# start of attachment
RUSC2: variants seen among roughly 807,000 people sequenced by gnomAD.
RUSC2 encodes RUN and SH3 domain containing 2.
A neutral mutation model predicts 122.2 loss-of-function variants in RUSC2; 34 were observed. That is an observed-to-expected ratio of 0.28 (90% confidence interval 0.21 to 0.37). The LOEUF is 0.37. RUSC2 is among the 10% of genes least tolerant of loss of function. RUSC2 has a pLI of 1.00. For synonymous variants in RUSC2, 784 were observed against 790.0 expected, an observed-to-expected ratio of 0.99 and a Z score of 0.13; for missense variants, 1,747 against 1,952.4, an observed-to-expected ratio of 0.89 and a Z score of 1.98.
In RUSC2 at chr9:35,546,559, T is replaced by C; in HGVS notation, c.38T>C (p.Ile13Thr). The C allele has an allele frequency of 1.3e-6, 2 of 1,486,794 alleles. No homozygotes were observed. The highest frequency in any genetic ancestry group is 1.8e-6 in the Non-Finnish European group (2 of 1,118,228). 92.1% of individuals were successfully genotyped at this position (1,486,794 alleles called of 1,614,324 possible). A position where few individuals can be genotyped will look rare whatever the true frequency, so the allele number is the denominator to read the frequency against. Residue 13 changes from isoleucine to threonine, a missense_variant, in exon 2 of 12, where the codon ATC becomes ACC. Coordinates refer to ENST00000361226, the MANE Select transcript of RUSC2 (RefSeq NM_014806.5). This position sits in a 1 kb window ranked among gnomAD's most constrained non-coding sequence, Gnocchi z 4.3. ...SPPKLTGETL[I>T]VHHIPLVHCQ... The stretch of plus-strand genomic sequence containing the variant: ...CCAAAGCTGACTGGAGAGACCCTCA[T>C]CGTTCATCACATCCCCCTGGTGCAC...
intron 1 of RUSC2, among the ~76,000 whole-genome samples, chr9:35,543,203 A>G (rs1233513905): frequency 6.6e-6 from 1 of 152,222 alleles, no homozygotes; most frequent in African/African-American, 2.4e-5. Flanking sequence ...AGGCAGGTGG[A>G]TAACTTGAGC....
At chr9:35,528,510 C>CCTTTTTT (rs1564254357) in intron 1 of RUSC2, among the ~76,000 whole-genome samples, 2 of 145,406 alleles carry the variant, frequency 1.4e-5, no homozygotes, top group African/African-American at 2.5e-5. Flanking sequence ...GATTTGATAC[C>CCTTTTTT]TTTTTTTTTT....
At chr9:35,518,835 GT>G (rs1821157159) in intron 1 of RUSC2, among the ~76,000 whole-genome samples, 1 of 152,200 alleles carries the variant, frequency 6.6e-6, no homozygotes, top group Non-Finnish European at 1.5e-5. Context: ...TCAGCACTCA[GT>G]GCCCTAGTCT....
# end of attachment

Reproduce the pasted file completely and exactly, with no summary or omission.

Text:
RUSC2: variants seen among roughly 807,000 people sequenced by gnomAD.
RUSC2 encodes RUN and SH3 domain containing 2.
A neutral mutation model predicts 122.2 loss-of-function variants in RUSC2; 34 were observed. That is an observed-to-expected ratio of 0.28 (90% confidence interval 0.21 to 0.37). The LOEUF is 0.37. RUSC2 is among the 10% of genes least tolerant of loss of function. RUSC2 has a pLI of 1.00. For synonymous variants in RUSC2, 784 were observed against 790.0 expected, an observed-to-expected ratio of 0.99 and a Z score of 0.13; for missense variants, 1,747 against 1,952.4, an observed-to-expected ratio of 0.89 and a Z score of 1.98.
In RUSC2 at chr9:35,546,559, T is replaced by C; in HGVS notation, c.38T>C (p.Ile13Thr). The C allele has an allele frequency of 1.3e-6, 2 of 1,486,794 alleles. No homozygotes were observed. The highest frequency in any genetic ancestry group is 1.8e-6 in the Non-Finnish European group (2 of 1,118,228). 92.1% of individuals were successfully genotyped at this position (1,486,794 alleles called of 1,614,324 possible). A position where few individuals can be genotyped will look rare whatever the true frequency, so the allele number is the denominator to read the frequency against. Residue 13 changes from isoleucine to threonine, a missense_variant, in exon 2 of 12, where the codon ATC becomes ACC. Coordinates refer to ENST00000361226, the MANE Select transcript of RUSC2 (RefSeq NM_014806.5). This position sits in a 1 kb window ranked among gnomAD's most constrained non-coding sequence, Gnocchi z 4.3. ...SPPKLTGETL[I>T]VHHIPLVHCQ... The stretch of plus-strand genomic sequence containing the variant: ...CCAAAGCTGACTGGAGAGACCCTCA[T>C]CGTTCATCACATCCCCCTGGTGCAC...
intron 1 of RUSC2, among the ~76,000 whole-genome samples, chr9:35,543,203 A>G (rs1233513905): frequency 6.6e-6 from 1 of 152,222 alleles, no homozygotes; most frequent in African/African-American, 2.4e-5. Flanking sequence ...AGGCAGGTGG[A>G]TAACTTGAGC....
At chr9:35,528,510 C>CCTTTTTT (rs1564254357) in intron 1 of RUSC2, among the ~76,000 whole-genome samples, 2 of 145,406 alleles carry the variant, frequency 1.4e-5, no homozygotes, top group African/African-American at 2.5e-5. Flanking sequence ...GATTTGATAC[C>CCTTTTTT]TTTTTTTTTT....
At chr9:35,518,835 GT>G (rs1821157159) in intron 1 of RUSC2, among the ~76,000 whole-genome samples, 1 of 152,200 alleles carries the variant, frequency 6.6e-6, no homozygotes, top group Non-Finnish European at 1.5e-5. Context: ...TCAGCACTCA[GT>G]GCCCTAGTCT....